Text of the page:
"I feel honoured to be here, because although we work in music and the arts it goes hand-in-hand with events like these," he explained. "We're not properly utilising who we are and what we do unless we combine it with something as amazing as this. Overall so far we've raised £3.5m and that's a collective effort for work that's being done in South Asia and work that's being done here. There's a lot of change happening. That's why i wanted to be an ambassador."
The music star who has famously collaborated with the likes of Beyonce and Emeli Sande also performed on the night with legendary qawaali singer Rahat Fateh Ali Khan in a mesmerising rendition of track fusing western and Asian sounds.
He also revealed that he brought the royals a gift. "I brought Camilla a little present – a birthstone because she's born in July. And I brought a personalised USB stick for Harry because I know he's into his music," he added.
Tennis champion Boris Becker said he was delighted to meet Prince Charles. He told IBTimesUK: "He's a wonderful man. We talked briefly about tennis. He knew that Federer won the Austrailia Open. "
The former world number one tennis champion added that he wanted to support the charity because India has a special place in his heart. "I go to India many times a year. Yes, I'm friends with Shah Rukh Khan too. It's an important country for me so whatever I can support I do."
Hosting the event was Radio Five live presenter Nihal Arthanayake. An ambassador and British Asian Trust trustee for the charity he spoke of the important role of the ambassadors who support the charity.
"The ambassadors get very involved and I'm a trustee so you get even more involved in the strategic direction of the Trust. The ambassadors are great. They use their social media profiles, their connections, they use their energy to get involved and to help people understand that even though these issues affect people thousands of miles away," he explained.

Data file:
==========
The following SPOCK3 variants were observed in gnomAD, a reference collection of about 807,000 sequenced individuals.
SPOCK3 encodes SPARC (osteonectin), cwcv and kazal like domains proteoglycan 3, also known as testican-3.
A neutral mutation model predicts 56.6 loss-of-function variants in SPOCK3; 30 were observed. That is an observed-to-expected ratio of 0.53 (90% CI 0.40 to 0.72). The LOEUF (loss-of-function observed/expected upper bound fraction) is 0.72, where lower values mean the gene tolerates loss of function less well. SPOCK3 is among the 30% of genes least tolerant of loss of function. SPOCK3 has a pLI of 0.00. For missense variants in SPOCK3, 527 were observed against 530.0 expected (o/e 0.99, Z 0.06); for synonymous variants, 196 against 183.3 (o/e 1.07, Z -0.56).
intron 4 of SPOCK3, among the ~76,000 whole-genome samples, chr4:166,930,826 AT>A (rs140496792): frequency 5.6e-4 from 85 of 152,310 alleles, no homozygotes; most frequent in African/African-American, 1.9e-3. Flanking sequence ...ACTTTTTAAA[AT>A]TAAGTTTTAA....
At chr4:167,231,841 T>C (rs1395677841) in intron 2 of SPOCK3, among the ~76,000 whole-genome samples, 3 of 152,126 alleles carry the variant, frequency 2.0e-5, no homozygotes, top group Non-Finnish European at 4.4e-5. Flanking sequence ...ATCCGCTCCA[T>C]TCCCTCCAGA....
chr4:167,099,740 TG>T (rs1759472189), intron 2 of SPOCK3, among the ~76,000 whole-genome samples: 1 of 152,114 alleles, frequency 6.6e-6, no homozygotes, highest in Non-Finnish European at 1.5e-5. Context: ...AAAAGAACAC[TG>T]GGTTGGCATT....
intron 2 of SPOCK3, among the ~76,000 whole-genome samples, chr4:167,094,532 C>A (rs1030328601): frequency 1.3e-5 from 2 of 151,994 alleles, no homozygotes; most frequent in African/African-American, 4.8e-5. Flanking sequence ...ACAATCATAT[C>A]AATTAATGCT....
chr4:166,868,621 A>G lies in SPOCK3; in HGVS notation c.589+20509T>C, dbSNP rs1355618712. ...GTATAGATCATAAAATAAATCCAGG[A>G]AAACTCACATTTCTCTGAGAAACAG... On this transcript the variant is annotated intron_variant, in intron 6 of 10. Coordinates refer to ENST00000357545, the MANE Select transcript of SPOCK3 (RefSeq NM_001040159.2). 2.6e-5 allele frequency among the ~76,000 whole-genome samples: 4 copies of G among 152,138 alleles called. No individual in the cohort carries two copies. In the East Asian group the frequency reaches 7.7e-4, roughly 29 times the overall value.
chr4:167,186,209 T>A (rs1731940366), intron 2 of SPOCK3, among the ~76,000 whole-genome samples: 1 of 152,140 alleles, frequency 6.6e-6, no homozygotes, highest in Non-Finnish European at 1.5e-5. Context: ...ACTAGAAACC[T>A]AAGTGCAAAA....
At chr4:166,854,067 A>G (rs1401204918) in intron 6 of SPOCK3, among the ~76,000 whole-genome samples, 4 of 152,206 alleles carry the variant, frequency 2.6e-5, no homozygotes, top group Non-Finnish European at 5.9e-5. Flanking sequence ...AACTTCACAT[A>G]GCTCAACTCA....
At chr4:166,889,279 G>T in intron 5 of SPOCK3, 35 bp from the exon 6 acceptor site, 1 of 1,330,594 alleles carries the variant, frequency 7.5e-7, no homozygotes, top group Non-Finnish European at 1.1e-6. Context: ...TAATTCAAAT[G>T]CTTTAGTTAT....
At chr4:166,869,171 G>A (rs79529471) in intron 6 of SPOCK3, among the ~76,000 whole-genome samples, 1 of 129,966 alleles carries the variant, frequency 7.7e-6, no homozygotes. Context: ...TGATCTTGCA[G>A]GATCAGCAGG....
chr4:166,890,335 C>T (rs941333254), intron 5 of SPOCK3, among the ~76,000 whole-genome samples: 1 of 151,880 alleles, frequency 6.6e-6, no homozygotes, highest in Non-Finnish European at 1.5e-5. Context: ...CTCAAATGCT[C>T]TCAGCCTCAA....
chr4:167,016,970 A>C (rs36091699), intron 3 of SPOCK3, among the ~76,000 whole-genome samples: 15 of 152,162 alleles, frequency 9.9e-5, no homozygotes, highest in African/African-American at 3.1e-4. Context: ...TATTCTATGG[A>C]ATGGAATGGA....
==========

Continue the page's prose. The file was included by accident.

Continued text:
"It's relevant to people who, live here. Our parents brought us here to have a better life, but it's important that we don't forget the people who are still there."
Former Eastenders actor Nitin Ganatra has been an ambassador for the Trust for several years. He described Prince Charles commitment to the charity. "The way his Royal Highness operates is that he is breathtakingly honest and sincere about what he believes in," he explained.
"He is so sincere about his passion for South Asia and India and Pakistan and his commitment for helping people. He doesn't have to do this. He 's chosen to do this. I'm always in awe of him every time I've met and heard him speak. His intentions are so good and that enthusiasm to do such good work with such a powerful position in society is inspiring."
Having interacted with the royals through the trust he also shared some personal insights into Prince Charles. "He's just like a favourite Uncle," he explained. "He's very jolly. He's very self-effacing. First time I met him he said 'Oh you're from Eastenders. I don't watch it. Maybe I should start.' The boundaries fall away when you meet him because although he is royal, he's very human."
To date, The British Asian Trust has raised over £3.5m for projects in South Asia tackling poverty, education and female empowerment.